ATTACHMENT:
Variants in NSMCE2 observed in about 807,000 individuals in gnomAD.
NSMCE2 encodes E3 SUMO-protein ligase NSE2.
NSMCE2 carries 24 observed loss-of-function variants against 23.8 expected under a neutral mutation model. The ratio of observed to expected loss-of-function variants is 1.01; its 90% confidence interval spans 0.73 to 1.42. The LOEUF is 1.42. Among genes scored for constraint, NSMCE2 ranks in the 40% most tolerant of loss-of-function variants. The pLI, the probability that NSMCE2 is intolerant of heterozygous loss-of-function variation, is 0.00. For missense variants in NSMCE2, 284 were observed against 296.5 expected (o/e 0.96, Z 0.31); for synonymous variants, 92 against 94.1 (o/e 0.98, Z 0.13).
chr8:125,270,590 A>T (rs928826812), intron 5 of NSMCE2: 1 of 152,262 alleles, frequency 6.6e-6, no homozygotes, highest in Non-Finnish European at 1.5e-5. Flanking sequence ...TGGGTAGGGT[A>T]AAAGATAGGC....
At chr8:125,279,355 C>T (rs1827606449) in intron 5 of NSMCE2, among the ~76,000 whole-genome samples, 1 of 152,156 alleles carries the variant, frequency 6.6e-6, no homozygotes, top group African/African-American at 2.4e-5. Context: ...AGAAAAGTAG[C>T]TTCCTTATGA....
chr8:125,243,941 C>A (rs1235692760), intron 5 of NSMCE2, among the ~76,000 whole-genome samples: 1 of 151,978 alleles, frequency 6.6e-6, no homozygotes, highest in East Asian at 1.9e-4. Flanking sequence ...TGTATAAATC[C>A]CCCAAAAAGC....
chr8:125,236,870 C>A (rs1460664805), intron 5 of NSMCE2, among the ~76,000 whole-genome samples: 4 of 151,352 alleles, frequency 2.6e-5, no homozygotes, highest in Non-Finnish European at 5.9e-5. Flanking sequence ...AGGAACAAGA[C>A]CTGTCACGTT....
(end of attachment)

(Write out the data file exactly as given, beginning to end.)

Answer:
Variants in NSMCE2 observed in about 807,000 individuals in gnomAD.
NSMCE2 encodes E3 SUMO-protein ligase NSE2.
NSMCE2 carries 24 observed loss-of-function variants against 23.8 expected under a neutral mutation model. The ratio of observed to expected loss-of-function variants is 1.01; its 90% confidence interval spans 0.73 to 1.42. The LOEUF is 1.42. Among genes scored for constraint, NSMCE2 ranks in the 40% most tolerant of loss-of-function variants. The pLI, the probability that NSMCE2 is intolerant of heterozygous loss-of-function variation, is 0.00. For missense variants in NSMCE2, 284 were observed against 296.5 expected (o/e 0.96, Z 0.31); for synonymous variants, 92 against 94.1 (o/e 0.98, Z 0.13).
chr8:125,270,590 A>T (rs928826812), intron 5 of NSMCE2: 1 of 152,262 alleles, frequency 6.6e-6, no homozygotes, highest in Non-Finnish European at 1.5e-5. Flanking sequence ...TGGGTAGGGT[A>T]AAAGATAGGC....
At chr8:125,279,355 C>T (rs1827606449) in intron 5 of NSMCE2, among the ~76,000 whole-genome samples, 1 of 152,156 alleles carries the variant, frequency 6.6e-6, no homozygotes, top group African/African-American at 2.4e-5. Context: ...AGAAAAGTAG[C>T]TTCCTTATGA....
chr8:125,243,941 C>A (rs1235692760), intron 5 of NSMCE2, among the ~76,000 whole-genome samples: 1 of 151,978 alleles, frequency 6.6e-6, no homozygotes, highest in East Asian at 1.9e-4. Flanking sequence ...TGTATAAATC[C>A]CCCAAAAAGC....
chr8:125,236,870 C>A (rs1460664805), intron 5 of NSMCE2, among the ~76,000 whole-genome samples: 4 of 151,352 alleles, frequency 2.6e-5, no homozygotes, highest in Non-Finnish European at 5.9e-5. Flanking sequence ...AGGAACAAGA[C>A]CTGTCACGTT....